(B) For US1's payment to be a disqualified hybrid amount under § 1.267A-2(e), a no-inclusion must occur with respect to FZ. See § 1.267A-2(e)(1)(i). As a consequence of the Country Z branch exemption, FZ includes $0 of the payment in income and therefore a $50x no-inclusion occurs with respect to FZ. See § 1.267A-3(a).

(C) Pursuant to § 1.267A-2(e)(1)(ii), FZ's $50x no-inclusion gives rise to a disqualified hybrid amount to the extent that it is a result of US1's payment being a branch mismatch payment. FZ's $50x no-inclusion is a result of the payment being a branch mismatch payment because, were the payment to not be treated as income attributable to BB for Country Z tax purposes, FZ would include $50x in income and, consequently, the no-inclusion would not occur.

(7) Example 7.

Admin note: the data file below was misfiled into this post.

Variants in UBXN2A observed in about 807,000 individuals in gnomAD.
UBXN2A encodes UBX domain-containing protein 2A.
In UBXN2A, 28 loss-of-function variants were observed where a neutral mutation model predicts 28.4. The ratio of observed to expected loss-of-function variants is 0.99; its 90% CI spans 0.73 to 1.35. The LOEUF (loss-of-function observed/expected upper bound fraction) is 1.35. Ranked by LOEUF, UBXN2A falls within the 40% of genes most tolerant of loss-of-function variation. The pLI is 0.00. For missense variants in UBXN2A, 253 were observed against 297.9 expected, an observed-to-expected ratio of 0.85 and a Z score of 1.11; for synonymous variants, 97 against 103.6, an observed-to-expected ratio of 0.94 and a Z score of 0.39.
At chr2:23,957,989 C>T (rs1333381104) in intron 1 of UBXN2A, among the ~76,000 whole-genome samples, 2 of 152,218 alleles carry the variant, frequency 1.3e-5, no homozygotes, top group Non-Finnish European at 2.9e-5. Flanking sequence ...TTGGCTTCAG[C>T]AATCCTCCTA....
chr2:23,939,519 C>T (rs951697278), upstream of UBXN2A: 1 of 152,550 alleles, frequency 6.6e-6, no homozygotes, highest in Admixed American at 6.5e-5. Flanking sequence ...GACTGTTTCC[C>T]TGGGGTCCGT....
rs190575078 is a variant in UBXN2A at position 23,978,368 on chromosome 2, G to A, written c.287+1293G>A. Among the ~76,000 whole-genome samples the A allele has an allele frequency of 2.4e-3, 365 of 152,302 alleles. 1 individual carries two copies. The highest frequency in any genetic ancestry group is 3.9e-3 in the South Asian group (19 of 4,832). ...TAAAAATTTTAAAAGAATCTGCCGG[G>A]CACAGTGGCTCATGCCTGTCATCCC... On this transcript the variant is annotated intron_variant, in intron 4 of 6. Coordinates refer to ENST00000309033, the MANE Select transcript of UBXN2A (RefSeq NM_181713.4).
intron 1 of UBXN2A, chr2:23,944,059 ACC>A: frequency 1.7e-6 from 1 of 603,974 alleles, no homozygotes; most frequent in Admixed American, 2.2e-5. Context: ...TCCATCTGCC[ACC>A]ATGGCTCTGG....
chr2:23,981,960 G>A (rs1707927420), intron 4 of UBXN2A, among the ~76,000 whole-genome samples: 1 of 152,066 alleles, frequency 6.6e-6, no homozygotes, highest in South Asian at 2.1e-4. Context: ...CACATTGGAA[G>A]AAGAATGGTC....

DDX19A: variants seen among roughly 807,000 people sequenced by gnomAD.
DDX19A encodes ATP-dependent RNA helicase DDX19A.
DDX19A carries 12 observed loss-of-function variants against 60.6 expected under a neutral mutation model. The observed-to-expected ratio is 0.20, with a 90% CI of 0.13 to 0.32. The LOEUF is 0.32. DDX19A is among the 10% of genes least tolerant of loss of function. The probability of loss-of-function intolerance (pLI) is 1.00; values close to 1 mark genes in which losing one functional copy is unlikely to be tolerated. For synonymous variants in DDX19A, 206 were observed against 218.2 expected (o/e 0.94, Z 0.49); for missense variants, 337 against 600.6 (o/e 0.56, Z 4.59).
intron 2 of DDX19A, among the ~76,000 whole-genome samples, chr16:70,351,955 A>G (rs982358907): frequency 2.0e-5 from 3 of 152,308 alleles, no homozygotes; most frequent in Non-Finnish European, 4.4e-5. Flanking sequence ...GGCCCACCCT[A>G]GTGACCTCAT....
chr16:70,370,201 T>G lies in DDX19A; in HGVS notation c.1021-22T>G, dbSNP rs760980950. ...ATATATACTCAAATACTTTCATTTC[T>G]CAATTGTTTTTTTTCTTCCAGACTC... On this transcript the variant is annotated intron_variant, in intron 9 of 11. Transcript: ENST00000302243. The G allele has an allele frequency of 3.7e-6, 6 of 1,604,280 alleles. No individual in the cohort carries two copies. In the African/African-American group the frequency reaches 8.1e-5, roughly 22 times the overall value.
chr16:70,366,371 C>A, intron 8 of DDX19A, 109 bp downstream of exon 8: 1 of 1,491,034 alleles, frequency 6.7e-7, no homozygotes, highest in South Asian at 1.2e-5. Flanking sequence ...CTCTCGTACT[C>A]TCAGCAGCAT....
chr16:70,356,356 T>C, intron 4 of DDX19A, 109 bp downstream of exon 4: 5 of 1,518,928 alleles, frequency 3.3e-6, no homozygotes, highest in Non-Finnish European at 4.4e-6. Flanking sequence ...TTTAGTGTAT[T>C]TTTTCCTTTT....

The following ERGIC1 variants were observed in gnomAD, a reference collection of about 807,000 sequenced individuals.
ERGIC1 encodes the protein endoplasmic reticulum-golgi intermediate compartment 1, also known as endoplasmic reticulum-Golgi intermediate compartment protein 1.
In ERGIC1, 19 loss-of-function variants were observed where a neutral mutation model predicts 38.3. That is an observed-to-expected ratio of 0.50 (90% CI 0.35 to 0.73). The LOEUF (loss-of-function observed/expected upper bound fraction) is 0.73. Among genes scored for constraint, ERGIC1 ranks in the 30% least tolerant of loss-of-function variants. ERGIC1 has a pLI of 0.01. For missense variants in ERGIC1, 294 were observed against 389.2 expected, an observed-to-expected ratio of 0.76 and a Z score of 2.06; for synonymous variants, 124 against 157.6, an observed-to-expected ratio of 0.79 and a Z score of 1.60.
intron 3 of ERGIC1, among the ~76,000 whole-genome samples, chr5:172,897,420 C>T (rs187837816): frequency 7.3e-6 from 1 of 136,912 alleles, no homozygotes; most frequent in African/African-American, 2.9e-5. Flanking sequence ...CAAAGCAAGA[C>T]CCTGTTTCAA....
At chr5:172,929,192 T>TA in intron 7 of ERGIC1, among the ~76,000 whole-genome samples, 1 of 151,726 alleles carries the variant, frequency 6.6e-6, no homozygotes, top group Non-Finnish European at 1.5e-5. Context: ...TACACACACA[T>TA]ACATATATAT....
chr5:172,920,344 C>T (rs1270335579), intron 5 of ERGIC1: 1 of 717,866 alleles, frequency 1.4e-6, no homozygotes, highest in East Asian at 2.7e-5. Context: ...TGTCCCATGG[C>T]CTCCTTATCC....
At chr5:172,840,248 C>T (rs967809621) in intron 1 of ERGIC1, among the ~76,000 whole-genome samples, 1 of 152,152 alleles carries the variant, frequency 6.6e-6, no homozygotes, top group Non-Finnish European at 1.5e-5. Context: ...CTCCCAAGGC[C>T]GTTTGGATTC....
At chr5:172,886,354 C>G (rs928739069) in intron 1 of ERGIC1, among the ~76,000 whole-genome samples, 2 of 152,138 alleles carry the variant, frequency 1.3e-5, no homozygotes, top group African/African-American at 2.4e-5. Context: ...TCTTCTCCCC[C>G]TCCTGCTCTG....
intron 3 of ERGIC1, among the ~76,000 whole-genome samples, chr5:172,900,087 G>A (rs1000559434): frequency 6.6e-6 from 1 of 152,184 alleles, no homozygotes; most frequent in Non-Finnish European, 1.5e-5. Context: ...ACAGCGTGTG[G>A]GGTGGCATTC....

Reduction of disqualified hybrid amount for certain amounts includible in income—(i) Facts. US1 and FW hold 60% and 40%, respectively, of the interests of FX, and FX holds all the interests of FZ. Each of FX and FZ is a CFC. FX holds an instrument issued by FZ that it is treated as equity for Country X tax purposes and as indebtedness for U.S. tax purposes (the FX-FZ instrument). On date 1, FZ pays $100x to FX pursuant to the FX-FZ instrument. The amount is treated as a dividend for Country X tax purposes and as interest for U.S. tax purposes. In addition, pursuant to section 954(c)(6), the amount is not foreign personal holding company income of FX. Further, under section 951A, the payment is included in FX's tested income. Lastly, Country X tax law provides an 80% participation exemption for dividends received from nonresident corporations and, as a result of such participation exemption, FX includes $20x of FZ's payment in income.